In order to deal with this, the mobile terminal apparatus 100 may be arranged to determine whether output target image data represents an image captured under a condition which enables the image process in the image forming apparatus to be valid, and urge a user to re-capture an image depending on the result of the determination.

For example, the mobile terminal apparatus 100 may determine brightness, contrast, color balance, blurring (strong camera shake) etc.

As for brightness, there is a case where overexposure (too bright) or underexposure (too dark) requires capturing an image again. For example, the control section 109 calculates the maximum value and the minimum value of pixel values of output target image data, and when the maximum value is not more than a certain threshold (e.g. 100 in 8 bit), the control section 109 determines the output target image data as underexposure, and when the minimum value is not less than a certain threshold (e.g. 150 in 8 bit), the control section 109 determines the output target image data as overexposure.

As for contrast, when a difference between the maximum value and the minimum value of pixel values of the output target image data is not more than a predetermined threshold, the control section 109 determines the output target image data as not having a sufficient contrast.

In determining brightness and contrast, the control section 109 may determine brightness and contrast with respect to each color channel, or may use an average value {(R+G+B)/3} or a brightness value (0.299×R+0.587×G+0.114×B: in compliance with NTSC).

As for color balance, it is possible to grasp that a certain channel has excessive deviations by comparison of an average value, the maximum value, and the minimum value of each color channel (RGB). Accordingly, the control section 109 calculates an average value (Ra, Ga, Ba) of values of individual color channels of a pixel whose brightness is equal to or close to the maximum brightness (maximum brightness to maximum brightness−5 or so), and in a case where a difference between the maximum value and the minimum value of each color channel is not less than a certain value [Max (Ra, Ga, Ba)−Min (Ra, Ga, Ba)>0.1×Max (Ra, Ga, Ba)], the control section 109 determines the output target image data as not having sufficient color balance.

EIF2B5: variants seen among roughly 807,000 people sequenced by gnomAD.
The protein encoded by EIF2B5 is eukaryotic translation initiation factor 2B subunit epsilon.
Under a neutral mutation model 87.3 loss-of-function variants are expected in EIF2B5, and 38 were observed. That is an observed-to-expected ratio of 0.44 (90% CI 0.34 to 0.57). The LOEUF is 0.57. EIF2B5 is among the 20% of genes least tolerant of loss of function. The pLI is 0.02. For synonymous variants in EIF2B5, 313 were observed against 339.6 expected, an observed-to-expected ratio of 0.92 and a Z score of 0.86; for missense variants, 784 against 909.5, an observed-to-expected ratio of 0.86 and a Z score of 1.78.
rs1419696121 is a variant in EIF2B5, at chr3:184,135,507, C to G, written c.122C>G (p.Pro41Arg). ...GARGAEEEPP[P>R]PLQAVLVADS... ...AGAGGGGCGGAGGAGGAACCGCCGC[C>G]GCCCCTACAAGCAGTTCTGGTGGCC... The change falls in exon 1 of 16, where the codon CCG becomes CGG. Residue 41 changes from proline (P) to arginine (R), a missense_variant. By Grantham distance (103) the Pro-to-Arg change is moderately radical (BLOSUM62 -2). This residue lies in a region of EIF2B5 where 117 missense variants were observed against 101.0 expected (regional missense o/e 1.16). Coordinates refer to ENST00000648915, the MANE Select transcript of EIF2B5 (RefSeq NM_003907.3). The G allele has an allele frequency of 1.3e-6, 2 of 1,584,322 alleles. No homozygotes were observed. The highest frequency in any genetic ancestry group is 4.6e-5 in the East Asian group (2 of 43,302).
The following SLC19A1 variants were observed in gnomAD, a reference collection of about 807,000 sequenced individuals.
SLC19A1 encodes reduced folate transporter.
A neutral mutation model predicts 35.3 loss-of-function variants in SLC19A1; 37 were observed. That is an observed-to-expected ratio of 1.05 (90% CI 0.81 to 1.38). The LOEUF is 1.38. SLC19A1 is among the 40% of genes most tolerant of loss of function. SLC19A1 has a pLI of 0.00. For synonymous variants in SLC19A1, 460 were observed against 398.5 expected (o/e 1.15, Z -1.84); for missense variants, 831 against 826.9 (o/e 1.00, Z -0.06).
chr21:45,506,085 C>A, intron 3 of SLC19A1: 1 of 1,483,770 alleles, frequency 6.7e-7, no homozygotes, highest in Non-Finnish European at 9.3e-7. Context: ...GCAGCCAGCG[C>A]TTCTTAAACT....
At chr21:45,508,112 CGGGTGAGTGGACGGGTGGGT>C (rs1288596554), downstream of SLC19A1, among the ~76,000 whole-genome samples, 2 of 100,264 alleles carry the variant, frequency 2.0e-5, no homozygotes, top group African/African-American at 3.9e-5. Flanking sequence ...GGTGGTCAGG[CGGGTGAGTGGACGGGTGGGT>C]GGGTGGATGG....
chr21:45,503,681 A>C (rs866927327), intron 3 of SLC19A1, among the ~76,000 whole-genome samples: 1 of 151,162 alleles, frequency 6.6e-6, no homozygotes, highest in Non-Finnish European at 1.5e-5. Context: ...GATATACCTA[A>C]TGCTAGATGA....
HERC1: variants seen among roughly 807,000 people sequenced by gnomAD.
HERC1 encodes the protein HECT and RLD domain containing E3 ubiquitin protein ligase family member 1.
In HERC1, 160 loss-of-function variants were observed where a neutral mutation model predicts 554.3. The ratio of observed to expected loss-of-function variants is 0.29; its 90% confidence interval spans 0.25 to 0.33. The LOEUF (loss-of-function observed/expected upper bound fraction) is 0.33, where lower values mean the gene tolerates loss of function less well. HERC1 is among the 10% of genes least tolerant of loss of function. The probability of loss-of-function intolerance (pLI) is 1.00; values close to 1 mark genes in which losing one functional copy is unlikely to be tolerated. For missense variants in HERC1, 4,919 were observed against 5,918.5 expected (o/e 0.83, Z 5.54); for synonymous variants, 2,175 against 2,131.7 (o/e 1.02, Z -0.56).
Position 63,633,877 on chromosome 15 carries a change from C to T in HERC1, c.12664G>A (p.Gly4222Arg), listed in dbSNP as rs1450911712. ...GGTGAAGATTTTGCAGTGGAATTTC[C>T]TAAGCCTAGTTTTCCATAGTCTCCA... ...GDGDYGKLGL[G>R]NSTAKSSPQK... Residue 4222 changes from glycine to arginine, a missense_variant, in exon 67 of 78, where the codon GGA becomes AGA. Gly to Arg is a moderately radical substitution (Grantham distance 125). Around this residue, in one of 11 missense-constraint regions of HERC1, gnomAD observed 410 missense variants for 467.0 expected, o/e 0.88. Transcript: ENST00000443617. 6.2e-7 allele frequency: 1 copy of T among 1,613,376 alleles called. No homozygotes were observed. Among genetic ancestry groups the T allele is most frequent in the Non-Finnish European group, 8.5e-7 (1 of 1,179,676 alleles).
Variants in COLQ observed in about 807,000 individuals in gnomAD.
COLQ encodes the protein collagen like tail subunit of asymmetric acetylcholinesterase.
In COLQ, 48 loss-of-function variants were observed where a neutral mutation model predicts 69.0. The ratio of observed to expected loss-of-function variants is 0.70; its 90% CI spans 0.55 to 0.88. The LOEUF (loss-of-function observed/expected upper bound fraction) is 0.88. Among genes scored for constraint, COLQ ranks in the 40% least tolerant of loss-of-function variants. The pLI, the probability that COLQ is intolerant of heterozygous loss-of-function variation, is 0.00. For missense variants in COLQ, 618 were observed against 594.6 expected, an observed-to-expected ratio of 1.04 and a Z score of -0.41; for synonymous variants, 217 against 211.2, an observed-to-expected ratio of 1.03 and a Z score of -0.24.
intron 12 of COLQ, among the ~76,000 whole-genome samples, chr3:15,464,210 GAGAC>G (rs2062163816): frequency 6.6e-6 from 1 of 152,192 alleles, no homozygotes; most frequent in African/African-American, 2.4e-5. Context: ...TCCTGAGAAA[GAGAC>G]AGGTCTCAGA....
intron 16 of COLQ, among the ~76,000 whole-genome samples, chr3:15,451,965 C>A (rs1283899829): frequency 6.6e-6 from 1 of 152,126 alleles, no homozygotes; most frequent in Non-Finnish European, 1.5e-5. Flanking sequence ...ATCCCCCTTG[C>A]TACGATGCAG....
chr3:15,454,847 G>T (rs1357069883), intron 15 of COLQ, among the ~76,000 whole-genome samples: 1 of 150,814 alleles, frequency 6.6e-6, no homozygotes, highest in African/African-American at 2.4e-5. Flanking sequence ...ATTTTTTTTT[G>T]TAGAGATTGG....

In a case where the control section 109 determines the output target image data as underexposure, overexposure, not having a sufficient contrast, or not having sufficient color balance, the control section 109 causes the display section 105 to display a message which urges a user to capture an image again.

(8-4) Timing of Transmitting Image Data from Mobile Terminal Apparatus to Image Forming Apparatus

A description was made above as to a case where image data accumulated in a document capturing mode is accumulated in the mobile terminal apparatus 100, and at timing when an instruction for transmission is inputted, the image data having been accumulated so far are transmitted at the same time. However, timing of transmitting image data from the mobile terminal apparatus 100 to the image forming apparatus 200 is not limited to this.

For example, every time when output target image data or corrected image data is stored in the storage section 108, the output target image data or the corrected image data may be transmitted to the image forming apparatus 200. In this configuration, in most cases, a user is not present near the image forming apparatus 200. Accordingly, the communication section 104 of the mobile terminal apparatus 100 may transmit image data to the image forming apparatus 200 via a portable phone network and the Internet.

(8-5) Output Processing Information

A description was made above as to a case where the mobile terminal apparatus 100 obtains output processing information and transmits the output processing information to the image forming apparatus 200. Alternatively, the image forming apparatus 200 may obtain output processing information (information representing type of an output process and setting condition for the output process) when the image forming apparatus 200 obtains user information for user authentication.

(8-6) Output Process

In the image forming apparatus 200, the control section 212 may convert image data generated in the image processing section 202 into a hyper compressed PDF before carrying out a filing process or an e-mail sending process. Hyper compressed PDF data is PDF data obtained by separating a background portion and a text portion in image data and subjecting the background portion and the text portion to optimal compression processes, respectively. This ensures good legibility and reduction in image file size.